imageWell kids, here’s the reboot. I watched the 2004 3 hour miniseries that retooled the show that got to explore many of the ideas that, due to its cancellation after one season, the original was not. Everything kind of lines up for me watching this show. A – it’s summer and I need a new show to watch with at least a couple of seasons worth of marathon viewing, B – It’s in my timeline for the blog (ok, so I got a little ahead of myself with Ant-Man, wanna fight about it?) and C) Commander Adama is played by Edward James Olmos, who has recently been announced as a media guest for the Saskatoon Comic and Entertainment Expo which I volunteer at.

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1978: Battlestar Galactica – Part 1

battlestarclassicI watched the first 3 episodes of Glen A. Larson’s 1979 series, a task I have putting off since I bought the entire series of it and Galactica 1980 for 4.99 each on iTunes, probably 2 years ago. I only put it off because I have problems committing to an entire seasons of shows, especially if they aren’t currently relevant. I know I’ve probably seen most of it already. I used to watch it, probably out of order, as a child, when Space would play reruns. I don’t remember much though, just who the Cylons were and that Apollo and Starbucks were the Luke and Han, respectively, of the show. Continue reading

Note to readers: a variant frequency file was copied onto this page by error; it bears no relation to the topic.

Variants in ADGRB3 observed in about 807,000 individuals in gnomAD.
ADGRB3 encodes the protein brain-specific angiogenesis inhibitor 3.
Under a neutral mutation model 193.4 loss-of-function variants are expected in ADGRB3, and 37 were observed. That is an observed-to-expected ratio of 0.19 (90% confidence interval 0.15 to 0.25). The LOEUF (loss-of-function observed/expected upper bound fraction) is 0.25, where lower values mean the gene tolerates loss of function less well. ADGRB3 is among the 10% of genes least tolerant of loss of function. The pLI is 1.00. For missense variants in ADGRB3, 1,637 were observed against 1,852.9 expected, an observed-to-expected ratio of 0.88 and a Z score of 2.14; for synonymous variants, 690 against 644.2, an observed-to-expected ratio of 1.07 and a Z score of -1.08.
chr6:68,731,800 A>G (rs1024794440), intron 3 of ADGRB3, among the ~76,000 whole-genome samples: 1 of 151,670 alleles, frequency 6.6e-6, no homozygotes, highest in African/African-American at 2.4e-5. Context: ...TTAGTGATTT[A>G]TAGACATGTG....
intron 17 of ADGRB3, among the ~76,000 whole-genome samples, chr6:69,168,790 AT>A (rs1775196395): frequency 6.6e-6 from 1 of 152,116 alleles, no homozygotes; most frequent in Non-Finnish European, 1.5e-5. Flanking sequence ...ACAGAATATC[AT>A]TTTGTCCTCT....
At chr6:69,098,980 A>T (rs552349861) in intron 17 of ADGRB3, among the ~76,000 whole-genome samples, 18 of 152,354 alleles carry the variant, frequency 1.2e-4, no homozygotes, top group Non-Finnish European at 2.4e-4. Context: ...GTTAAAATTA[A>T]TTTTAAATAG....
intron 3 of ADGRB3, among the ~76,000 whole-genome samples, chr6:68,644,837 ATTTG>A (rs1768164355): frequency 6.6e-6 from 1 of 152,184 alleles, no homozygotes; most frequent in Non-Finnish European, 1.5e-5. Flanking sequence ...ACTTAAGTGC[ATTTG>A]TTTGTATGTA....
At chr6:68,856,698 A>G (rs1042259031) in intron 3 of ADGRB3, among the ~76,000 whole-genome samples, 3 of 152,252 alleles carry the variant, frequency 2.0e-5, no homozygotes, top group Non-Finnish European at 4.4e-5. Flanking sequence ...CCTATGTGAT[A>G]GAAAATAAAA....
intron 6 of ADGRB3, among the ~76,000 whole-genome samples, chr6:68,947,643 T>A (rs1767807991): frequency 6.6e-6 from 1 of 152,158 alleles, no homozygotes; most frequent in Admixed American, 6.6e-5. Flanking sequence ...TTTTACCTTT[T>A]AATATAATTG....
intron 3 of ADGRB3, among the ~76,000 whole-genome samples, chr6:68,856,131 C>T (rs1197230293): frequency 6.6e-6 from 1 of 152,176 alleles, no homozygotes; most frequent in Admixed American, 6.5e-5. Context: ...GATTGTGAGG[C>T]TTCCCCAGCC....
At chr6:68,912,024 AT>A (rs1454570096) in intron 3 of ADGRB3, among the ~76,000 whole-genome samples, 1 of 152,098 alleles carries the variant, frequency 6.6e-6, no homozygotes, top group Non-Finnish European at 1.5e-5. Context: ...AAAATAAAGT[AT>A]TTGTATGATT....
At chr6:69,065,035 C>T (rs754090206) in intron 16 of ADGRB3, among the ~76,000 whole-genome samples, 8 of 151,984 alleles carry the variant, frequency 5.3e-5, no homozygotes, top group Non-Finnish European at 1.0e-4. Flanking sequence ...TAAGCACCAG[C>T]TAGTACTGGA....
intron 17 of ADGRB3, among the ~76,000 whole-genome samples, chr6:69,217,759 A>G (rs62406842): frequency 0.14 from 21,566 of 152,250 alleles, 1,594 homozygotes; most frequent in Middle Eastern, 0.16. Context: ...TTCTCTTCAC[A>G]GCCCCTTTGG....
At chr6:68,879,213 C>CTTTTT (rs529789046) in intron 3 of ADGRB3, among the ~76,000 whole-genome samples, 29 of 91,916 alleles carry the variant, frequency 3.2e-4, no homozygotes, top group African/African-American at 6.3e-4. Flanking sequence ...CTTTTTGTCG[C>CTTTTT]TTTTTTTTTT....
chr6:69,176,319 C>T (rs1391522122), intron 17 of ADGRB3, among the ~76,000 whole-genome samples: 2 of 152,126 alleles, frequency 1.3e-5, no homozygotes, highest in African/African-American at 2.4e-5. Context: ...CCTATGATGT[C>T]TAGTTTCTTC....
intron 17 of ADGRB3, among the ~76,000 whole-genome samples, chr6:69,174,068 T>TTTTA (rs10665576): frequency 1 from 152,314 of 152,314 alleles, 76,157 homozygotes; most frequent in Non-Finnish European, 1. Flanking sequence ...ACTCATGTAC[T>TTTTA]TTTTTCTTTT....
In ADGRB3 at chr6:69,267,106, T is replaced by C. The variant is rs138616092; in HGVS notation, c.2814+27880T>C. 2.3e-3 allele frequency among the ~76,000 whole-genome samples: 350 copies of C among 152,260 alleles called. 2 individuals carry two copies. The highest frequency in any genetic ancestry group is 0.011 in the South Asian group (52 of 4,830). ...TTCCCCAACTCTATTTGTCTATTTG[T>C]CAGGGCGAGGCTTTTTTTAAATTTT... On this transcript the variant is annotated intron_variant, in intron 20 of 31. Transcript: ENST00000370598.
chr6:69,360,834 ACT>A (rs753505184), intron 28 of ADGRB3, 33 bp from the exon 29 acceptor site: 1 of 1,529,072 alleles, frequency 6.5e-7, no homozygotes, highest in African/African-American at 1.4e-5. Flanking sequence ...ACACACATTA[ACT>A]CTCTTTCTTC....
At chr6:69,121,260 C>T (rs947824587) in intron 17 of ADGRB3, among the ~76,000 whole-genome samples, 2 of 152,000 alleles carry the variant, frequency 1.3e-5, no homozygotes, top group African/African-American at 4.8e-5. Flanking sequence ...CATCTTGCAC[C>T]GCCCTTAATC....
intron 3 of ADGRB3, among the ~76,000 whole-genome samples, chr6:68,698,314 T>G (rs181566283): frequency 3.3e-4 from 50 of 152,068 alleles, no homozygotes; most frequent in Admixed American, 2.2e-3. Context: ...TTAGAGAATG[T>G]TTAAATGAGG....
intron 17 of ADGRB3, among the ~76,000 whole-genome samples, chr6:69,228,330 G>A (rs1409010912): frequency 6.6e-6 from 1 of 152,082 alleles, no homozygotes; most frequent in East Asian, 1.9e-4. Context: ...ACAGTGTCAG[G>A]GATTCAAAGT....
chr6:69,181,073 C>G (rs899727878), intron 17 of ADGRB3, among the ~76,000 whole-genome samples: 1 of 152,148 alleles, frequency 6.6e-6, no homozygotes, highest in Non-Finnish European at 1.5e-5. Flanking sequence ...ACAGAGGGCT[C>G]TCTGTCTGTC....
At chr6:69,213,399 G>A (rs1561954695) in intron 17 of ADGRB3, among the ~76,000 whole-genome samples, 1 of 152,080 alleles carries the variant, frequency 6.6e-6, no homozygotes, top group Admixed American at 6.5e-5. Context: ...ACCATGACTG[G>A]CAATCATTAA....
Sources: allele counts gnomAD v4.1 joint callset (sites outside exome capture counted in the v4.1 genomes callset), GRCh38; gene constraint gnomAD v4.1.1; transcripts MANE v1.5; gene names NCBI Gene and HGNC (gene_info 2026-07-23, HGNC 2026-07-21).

1954/1957/2015: What I watched before I watched Ant-Man (No Spoilers)

Ant-Man+MovieI just got back from watching Ant-Man. I don’t want to get huge into the movie, but I will say a few things at the end of this post. I’m mostly here to talk about a couple of movies I watched before it. I was reading another blog, Longbox Graveyard, who also read Tales to Astonish 27 and 35. They referenced some potential cinematic influences on those issues, so I decided to check them out. I had seen other shrinking and size movies, such as Land of Giants and The Fantastic Voyage, but never these. Continue reading

1962/1979/2015: Grab your magnifying glasses, we’re looking at Ant-Man!

video-undefined-2478005700000578-711_636x358I told myself this movie was going to suck. I told myself this movie was going to be the one I might not see opening day. I told myself not to get excited about this movie.


I AM excited. I AM going opening night. I even panicked that there might not be a Thursday showing. And now I’m counting down the hours till I see it. It looks as if it’s not going to suck. But who knows, I did the same thing to myself right before The Man of Steel.